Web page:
Maupiti - A challenge to enter

Sans Peur
Grete & Fred Vithen
Wed 26 Jun 2019 07:30

Maupiti, at anchor  16 26 83S 152 14 75W

We arrived to Maupiti after a calm day of sailing, 33 Nm. The entrance through the reef looked scary.

Rough big waves and a very narrow passage. On top of that there was a quite nasty current running towards us. You are only aloud to enter during day light.

We managed to enter the lagoon which was very shallow throughout but the draught of Sans Peur is not very deep so we got in without any problems. 

It stated that there would be buoys for mooring but we couldn’t find any so we anchored instead.

We arrived to a nice, quiet but very tidy area of the island and it always surprises us how green and lush these small islands are. We went for a walk along the road to see if we could find the pearl farm/shop that mom and dad has visited last time they were here, 2013. It was quite a long walk but it was nice to move a little but unfortunately the house where the shop used to be was empty. 

We started to walk back and saw another place called Artisans and turns out that they bought everything from the other place before they left and they started their little pearl business. What are the odds!? Mom and I (Sara) had our black pearl bracelets with us as they both broke and needed fixing and asked them if they could fix them for us. They happily helped out and they could be picked up tomorrow, perfect! I (Sara) also got a beautiful neckless which was very special made with some kind of sea urchin spikes and a black pearl. 

We were on hunt for some more groceries like lime juice and potatoes but it seems to be impossible to find in their local shops “magasine” and most of them where closed. I think they might close when they are out of stock. We did however find beer which is always nice after a long walk in the sun. So our last Polynesian money we spent was on expensive local beers. 

Everyone are very friendly and greets us when they pass by, one guy even helped us to get some mangos of the tree by the church (pallade Mango as we would say in Swedish). We did ask who the owner was and he just said do you want some? It was perfect and he definitely had done this before because it looked like child play for him. But we never say no to free fruit, just like the passion fruits. The mangos turned out perfect later. Yummy!

One of the days here we also lost dad for a while as he went to speak to some locals to buy some bananas for the longer journey that we have ahead of us (three nights to Cook Islands).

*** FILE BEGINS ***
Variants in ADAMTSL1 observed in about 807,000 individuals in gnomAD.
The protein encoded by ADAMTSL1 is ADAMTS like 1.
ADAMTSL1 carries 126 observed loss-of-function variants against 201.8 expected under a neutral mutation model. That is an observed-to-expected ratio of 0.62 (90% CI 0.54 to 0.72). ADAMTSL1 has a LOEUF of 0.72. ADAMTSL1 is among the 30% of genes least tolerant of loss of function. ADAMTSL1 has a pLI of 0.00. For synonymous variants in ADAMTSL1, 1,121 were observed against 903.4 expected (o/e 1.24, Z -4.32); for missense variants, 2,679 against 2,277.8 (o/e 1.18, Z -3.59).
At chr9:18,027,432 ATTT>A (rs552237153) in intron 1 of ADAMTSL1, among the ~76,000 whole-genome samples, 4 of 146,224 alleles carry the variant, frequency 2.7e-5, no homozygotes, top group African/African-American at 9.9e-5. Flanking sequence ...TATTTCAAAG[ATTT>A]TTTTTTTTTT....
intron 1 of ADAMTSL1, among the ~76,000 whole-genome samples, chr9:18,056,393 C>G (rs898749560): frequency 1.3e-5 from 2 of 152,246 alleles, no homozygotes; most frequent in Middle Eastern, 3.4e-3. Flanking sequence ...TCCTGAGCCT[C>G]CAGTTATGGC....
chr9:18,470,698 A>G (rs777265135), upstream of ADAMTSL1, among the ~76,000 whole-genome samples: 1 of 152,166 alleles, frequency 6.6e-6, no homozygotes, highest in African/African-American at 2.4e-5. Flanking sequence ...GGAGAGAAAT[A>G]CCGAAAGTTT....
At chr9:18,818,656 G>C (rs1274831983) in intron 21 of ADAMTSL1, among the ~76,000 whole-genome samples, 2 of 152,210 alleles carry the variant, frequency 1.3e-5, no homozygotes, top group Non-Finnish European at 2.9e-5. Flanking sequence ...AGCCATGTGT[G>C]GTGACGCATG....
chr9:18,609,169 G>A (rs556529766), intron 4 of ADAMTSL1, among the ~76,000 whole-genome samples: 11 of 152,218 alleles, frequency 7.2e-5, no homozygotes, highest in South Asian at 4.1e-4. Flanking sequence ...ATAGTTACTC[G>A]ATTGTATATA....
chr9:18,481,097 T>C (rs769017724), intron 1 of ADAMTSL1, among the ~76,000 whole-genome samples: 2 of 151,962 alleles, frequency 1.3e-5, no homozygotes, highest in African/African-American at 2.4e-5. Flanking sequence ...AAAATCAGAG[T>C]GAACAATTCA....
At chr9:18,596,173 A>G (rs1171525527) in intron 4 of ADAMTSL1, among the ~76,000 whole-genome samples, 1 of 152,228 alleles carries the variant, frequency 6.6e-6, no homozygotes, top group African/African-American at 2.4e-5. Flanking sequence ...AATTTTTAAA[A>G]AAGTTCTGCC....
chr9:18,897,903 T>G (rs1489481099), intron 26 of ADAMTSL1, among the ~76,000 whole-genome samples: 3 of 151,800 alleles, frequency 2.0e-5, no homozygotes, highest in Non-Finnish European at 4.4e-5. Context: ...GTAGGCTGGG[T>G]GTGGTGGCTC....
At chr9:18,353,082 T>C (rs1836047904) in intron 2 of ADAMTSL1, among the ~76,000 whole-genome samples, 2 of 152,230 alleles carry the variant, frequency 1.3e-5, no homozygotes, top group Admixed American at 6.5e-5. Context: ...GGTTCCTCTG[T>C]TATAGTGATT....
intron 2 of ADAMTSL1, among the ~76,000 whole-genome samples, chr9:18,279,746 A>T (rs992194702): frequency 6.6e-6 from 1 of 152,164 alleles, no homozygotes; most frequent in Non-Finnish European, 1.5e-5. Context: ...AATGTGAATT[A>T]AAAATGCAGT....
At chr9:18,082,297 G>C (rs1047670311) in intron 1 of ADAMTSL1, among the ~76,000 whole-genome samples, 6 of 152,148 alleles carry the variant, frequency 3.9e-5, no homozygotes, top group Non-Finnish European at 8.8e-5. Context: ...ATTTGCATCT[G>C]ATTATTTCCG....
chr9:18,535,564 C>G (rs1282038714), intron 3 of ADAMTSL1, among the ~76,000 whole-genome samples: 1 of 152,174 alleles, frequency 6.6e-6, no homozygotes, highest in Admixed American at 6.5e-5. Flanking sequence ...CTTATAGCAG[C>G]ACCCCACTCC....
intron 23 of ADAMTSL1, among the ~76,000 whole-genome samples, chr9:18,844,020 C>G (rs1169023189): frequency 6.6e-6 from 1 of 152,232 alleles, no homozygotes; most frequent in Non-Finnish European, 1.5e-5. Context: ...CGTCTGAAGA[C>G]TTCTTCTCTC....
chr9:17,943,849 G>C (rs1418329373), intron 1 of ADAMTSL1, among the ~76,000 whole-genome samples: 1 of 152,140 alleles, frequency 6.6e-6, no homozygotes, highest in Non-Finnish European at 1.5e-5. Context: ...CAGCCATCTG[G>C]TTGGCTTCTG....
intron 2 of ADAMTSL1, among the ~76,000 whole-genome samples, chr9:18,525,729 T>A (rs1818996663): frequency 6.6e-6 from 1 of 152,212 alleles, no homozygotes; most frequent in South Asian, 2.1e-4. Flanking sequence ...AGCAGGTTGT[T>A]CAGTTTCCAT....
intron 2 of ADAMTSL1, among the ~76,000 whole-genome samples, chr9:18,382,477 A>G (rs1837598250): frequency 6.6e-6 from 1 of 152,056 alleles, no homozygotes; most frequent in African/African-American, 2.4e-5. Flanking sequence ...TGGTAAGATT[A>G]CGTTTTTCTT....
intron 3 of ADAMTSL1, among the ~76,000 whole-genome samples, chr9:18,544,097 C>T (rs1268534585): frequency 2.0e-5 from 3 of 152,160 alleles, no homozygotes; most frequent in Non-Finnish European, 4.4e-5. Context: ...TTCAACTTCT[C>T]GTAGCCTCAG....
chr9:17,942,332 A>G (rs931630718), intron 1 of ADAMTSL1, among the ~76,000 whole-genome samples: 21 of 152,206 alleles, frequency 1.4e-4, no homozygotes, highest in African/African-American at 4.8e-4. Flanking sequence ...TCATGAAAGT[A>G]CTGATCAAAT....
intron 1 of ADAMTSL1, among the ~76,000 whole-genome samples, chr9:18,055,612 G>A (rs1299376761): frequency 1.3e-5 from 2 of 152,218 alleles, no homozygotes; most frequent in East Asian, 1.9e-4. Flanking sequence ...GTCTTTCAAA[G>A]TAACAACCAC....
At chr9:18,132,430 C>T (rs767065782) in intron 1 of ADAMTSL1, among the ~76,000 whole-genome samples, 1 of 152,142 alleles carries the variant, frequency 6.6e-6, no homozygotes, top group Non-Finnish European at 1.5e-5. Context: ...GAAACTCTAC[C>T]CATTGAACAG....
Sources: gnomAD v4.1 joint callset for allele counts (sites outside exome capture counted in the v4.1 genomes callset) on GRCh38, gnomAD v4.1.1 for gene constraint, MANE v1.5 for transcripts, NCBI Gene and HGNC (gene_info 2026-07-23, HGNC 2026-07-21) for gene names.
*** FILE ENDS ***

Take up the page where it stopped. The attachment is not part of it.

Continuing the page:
We managed to reunite with dad and he managed to get a good size for a fair price. Good on him!

The weather was unfortunately not always on our side so we didn’t swim very much in the water even though it was only 6 meters where we were staying but we did take the dingy to the other side to have a bit of a walk by the shoreline. It was nice and quiet, some random houses but not a lot of action going on here. Alex and I went to the other side of the island through the coconut plantation. It was an interesting walk were you were quite close to the reef, saw the most strangest thing; loads of dead crabs perfectly placed on the rocky ground. 

We decided to move with the boat closer to a sight called the Manta Point and stayed the night.

In the morning we saw some boats around the area and decided to go and have a look with our snorkling gear. Incredible sight to see the mantas around there, dad had a close encounter with one resulting in them almost coming eye to eye. We saw 2 big ones at this sight and another big one at another spot. They are such beautiful creatures and we noticed one thing that we never seen before - that they can curl and uncurl their horn like extensions. They were so calm and comfortable in these areas, they just stayed at one spot, against the current, and took it easy. 

We did a morning session and an afternoon session where we saw 1 big one at the same spot - it was nice because Alex and I were completely alone with the giant. Great experience! 


P1140613 (1).jpg